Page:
Matthew West is one of SonPower 2016’s Worship Leaders and his hit song, Grace Wins is the inspiration for this year’s event, #GraceWins, in Orlando, Florida (June 20-24, 2016 at the Rosen Centre Hotel). You can register for this event, here.
Grace Wins was inspired by the true story of a young man named Rob who attended one of my concerts. At the time, Rob was really struggling with addiction and by his own admission was knocking on death’s door. He knew something had to change. He wrote in to my website the next day saying that God really touched his life during the concert, and he asked me to help him get into a recovery center. I reached back out to him, and our ministry was able to get him the help he needed. Today, Rob has been sober for 19 months, and his life is completely different. He’s living proof that grace wins every time.
How do you go about selecting your songs for your albums?
Selecting songs for each album is a very difficult and intense process. Every song out right is special for me and saying no to one of the songs feels a little like when I have to say no to one of my daughters who asked me for an ice cream cone. But, you can only put so many songs on an album and you can only eat so many ice cream cones. Ha! I usually have a specific theme for each album and that theme winds up guiding the song selection process. The songs that fit into the overall message of the album tend to be the songs that win. The other songs have to wait for my next record.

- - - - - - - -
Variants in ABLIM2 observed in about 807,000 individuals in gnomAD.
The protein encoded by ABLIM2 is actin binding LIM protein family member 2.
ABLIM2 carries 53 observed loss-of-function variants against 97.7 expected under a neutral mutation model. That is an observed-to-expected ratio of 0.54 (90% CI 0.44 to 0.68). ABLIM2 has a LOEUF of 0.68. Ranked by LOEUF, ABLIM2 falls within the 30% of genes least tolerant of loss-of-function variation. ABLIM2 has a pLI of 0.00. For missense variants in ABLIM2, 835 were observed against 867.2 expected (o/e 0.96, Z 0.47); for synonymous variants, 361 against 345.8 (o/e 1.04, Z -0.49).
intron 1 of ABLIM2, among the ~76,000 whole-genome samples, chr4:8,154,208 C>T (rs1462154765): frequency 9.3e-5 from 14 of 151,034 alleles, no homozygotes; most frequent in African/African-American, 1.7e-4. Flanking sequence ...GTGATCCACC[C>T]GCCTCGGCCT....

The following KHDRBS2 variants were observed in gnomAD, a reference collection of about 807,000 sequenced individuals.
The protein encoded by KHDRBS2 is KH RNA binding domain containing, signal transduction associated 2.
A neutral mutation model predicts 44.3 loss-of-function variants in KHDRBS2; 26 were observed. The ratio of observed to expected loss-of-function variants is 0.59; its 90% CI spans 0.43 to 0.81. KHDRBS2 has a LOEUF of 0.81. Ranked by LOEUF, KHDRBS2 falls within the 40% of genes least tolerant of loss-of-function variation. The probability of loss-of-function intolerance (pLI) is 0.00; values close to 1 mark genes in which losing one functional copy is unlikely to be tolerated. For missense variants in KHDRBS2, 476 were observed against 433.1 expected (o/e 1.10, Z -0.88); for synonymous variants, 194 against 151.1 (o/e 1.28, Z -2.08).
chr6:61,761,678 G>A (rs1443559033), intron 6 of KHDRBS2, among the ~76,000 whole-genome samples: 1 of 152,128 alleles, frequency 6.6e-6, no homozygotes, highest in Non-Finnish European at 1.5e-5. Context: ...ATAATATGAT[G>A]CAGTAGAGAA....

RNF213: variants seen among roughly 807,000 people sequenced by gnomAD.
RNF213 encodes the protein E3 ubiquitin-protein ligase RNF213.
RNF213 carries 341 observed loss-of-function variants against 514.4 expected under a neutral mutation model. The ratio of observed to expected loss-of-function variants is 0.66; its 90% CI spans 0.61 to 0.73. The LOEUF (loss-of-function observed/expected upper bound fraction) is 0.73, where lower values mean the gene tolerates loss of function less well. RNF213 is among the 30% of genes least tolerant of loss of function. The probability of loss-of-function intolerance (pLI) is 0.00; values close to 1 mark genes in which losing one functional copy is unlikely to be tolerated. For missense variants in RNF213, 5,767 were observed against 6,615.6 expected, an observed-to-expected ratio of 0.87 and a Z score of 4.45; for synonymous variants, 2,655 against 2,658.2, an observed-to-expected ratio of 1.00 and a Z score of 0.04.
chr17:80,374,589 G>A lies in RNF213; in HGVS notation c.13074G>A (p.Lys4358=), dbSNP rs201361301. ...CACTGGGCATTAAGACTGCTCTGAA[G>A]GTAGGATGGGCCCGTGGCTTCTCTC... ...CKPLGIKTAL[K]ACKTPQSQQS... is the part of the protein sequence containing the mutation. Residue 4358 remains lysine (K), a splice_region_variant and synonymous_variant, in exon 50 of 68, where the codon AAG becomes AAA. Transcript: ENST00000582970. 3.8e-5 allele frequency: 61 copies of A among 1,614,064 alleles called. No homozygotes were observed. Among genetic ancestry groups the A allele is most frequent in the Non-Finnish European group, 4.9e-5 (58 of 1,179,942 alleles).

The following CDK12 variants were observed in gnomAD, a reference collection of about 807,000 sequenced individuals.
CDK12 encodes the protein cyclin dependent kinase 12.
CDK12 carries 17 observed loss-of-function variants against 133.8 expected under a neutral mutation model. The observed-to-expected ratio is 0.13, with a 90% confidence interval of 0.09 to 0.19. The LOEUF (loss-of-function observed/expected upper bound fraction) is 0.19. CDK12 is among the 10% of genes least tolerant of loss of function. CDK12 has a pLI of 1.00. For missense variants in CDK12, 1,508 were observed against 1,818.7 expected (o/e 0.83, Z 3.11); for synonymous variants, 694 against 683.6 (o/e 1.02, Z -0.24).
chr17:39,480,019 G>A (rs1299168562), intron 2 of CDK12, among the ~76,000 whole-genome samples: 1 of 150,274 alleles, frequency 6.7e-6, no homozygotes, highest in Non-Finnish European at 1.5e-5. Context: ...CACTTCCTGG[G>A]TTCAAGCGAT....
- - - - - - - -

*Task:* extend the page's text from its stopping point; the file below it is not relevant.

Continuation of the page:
What does it feel like to bring songs to life — from an album to a concert venue?
I absolutely love the process of songwriting… that is the stage when you feel like anything is possible. It’s sort of like an artist who begins his painting with a sketch, black and white, pencil on paper. Then, the recording process is when you begin to add color to that sketch and things really burst into life. The final stage is probably the most rewarding. When I hear a song I’ve worked so hard on, on the radio or when I see a crowd respond to the new music during a concert – that is a very special feeling, and it reminds me why I am doing what I do.
Tell us about any “traditions” you have when you’re in the recording studio or on the road?
There are certain traditions or routines that help me prepare myself whether I am beginning to write songs for a new record or if I’m in the studio or on the road. For songwriting, I have been going out to the same cabin for several years and writing most of my songs at this particular cabin. That has become a special place for me. In the studio, it’s really about keeping things loose. So we have lots of fun in the studio, lots of laughs with my producer. And on the road, my band and I have a daily routine where we have devotions and pray before every concert. Those are just a few traditions that have become part of my process.
You’ve worked with youth before through a variety of programs and events . . . do you have any advice or encouragement for youth leaders and volunteers who work with students?